From this link: http://www.pancreasfoundation.org/cgi/csNews/csNews.cgi?database=learn_genetics.db&command=viewone&id=1&op=t

Inherited Pancreatic Disorders of Childhood
Peter R. Durie, M.D., FRCPC

There is an extremely wide spectrum of inherited pancreatic disorders in childhood. Depending on the condition symptoms can develop at any time from birth to adulthood. The pancreas makes more than 25 different digestive enzymes which are secreted into the intestine to break down dietary protein, fat and starches into simpler molecules so that they can be absorbed. In fact, the pancreas has a tremendous reserve capacity - more than 95% of the function of the pancreas must be lost before the pancreas fails and symptoms of bloating and maldigestion develop. Children with digestive problems due to failure of the pancreas have to take enzyme replacement therapy with meals as well as additional fat soluble vitamins. The large pancreatic reserve also means that children can have a severe pancreatic problem without experiencing any problems with digestion.
The exocrine pancreas is not fully developed at birth. In fact, all healthy infants show some degree of maldigestion due to the fact that the pancreas is immature and does not have the same ability to produce enough enzymes. This is particularly true for starch and fat digestion. However, the pancreas matures after birth and by two years of age it is functioning in the same way as an adult pancreas. The immature pancreas appears to have no adverse effects on healthy children, but can have a major impact when children become malnourished or very ill.
Cystic fibrosis (CF) is, by far, the most common inherited pancreatic disease of childhood. It accounts for about 90% of childhood onset pancreatic disorders. CF affects many other organs as well and the most common cause of poor health and death is due to progressive lung disease. The CF pancreas begins to get damaged when the affected child is still in the mother’s womb. The small tubes inside the pancreas which allow digestive enzymes to reach the intestine get blocked with mucus and protein and the pancreas became badly scarred and shrinks. Many children with CF have evidence of severe pancreatic failure immediately following birth, and by two years of age 90% of CF are diagnosed - usually with severe malnutrition. Approximately 85% of all people with CF have pancreatic insufficiency and need to take pancreatic enzymes with meals. A lot is known about the genetic cause of CF. The CF gene, which is on chromosome 7, was identified in 1989. The most common CF-disease causing genetic mistake in this gene is called DF508, and is identified in approximately 70% of CF chromosomes worldwide. However, there are more than 1000 additional genetic mistakes in the CF gene, many of which are extremely rare. A lot of research is being done to try to correct the genetic disorder with gene therapy, and to discover ways of getting round the genetic disorder using special drugs.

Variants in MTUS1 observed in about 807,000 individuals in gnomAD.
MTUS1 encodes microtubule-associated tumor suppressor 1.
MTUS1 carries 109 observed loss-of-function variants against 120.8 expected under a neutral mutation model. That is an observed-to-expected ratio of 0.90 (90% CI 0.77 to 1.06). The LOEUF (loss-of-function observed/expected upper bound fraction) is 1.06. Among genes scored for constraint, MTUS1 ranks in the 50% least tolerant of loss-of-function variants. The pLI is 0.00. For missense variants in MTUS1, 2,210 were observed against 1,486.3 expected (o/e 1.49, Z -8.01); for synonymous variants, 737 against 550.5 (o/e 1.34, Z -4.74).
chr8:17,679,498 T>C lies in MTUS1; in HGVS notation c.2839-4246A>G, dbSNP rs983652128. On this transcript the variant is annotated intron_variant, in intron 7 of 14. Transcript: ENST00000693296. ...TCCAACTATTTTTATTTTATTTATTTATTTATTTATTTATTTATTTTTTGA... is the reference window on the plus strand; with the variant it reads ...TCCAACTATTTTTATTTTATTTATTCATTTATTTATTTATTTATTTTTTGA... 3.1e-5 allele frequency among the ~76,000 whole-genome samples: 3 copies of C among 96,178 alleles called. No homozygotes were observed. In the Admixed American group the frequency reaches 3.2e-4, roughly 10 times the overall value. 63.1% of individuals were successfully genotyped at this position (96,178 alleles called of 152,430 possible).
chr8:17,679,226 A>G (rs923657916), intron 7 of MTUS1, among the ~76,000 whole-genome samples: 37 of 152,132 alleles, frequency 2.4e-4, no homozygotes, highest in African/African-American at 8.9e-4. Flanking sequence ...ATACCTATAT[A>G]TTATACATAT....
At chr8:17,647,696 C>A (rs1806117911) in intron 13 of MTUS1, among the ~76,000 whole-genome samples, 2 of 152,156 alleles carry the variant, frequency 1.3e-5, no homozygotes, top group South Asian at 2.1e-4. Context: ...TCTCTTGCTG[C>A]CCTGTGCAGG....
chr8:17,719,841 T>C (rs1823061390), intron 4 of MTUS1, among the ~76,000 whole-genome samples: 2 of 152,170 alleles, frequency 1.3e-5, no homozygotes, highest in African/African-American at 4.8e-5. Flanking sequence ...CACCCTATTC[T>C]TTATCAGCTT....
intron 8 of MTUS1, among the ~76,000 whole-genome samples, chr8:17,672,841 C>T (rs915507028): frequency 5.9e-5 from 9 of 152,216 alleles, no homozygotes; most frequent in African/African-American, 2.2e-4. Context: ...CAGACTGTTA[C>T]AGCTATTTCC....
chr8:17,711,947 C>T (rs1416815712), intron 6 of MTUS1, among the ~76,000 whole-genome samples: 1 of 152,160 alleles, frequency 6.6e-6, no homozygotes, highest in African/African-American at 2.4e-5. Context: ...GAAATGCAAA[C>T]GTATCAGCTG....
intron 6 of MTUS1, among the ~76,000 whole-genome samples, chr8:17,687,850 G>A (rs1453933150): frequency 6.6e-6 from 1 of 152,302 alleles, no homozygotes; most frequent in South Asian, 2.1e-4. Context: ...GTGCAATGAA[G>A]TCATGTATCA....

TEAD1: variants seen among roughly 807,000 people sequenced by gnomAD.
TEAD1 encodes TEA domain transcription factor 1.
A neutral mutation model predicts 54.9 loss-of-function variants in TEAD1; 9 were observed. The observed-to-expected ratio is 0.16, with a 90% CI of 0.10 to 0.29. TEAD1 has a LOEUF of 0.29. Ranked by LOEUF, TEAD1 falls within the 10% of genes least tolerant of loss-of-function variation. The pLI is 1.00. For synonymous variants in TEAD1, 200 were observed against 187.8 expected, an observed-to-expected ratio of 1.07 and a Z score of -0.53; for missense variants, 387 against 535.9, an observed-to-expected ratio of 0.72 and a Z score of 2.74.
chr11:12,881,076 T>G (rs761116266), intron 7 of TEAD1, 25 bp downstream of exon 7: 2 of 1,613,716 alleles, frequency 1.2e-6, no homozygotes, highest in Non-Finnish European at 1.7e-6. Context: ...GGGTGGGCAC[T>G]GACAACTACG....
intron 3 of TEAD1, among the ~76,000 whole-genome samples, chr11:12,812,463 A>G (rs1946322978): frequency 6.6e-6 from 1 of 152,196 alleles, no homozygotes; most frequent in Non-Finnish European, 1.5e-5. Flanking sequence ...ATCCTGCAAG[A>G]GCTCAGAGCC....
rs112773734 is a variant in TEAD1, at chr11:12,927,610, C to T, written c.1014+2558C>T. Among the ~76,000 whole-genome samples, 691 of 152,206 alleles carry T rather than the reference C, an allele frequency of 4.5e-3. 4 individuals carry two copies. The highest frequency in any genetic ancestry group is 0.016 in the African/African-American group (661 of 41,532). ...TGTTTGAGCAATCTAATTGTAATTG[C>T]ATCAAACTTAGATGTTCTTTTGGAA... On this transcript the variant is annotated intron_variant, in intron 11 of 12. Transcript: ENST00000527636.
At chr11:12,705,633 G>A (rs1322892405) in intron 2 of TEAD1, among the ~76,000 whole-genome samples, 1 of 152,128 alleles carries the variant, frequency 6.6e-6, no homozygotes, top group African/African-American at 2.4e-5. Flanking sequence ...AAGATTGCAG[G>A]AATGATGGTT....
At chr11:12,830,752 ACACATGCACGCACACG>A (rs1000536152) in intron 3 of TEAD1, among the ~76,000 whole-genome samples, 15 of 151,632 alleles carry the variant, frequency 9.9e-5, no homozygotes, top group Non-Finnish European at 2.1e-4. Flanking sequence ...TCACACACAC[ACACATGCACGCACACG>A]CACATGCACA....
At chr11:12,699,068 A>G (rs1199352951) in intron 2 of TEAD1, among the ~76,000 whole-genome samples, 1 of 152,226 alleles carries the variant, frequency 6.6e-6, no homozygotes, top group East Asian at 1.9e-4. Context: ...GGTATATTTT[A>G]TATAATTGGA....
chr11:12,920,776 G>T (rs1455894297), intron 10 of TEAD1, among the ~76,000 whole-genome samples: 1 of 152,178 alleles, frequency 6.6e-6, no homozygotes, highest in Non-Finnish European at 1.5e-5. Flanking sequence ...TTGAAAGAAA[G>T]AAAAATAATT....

Shwachman Diamond syndrome (SDS) is the next most common inherited cause of pancreatic failure in childhood. It is much less common than CF and accounts for about 5% of inherited causes of pancreatic disease. This condition also affects other organs including the bone marrow (which makes blood cells), the skeleton and the liver. Children with SDS are very short and are at risk of experiencing severe infections and a particularly severe form of leukemia. Unlike CF, the gene that is responsible for SDS has not yet been identified. However, recent research shows that the SDS gene is also located on chromosome 7. The pancreatic problem is quite different from CF. The cells that make enzymes (acinar cells) don’t develop properly.
After CF and SDS, other causes of inherited pancreatic disease are extremely rare. They include Johansson Blizzard syndrome, Pearson’s bone marrow syndrome and hereditary pancreatitis. It is interesting to note that the hereditary pancreas gene is on chromosome 7 as well. This is a coincidence!
In extremely unusual circumstances a child may be born without any pancreas - which includes both the digestive (exocrine) and insulin producing (endocrine) components of the pancreas. This problem is not compatible with life.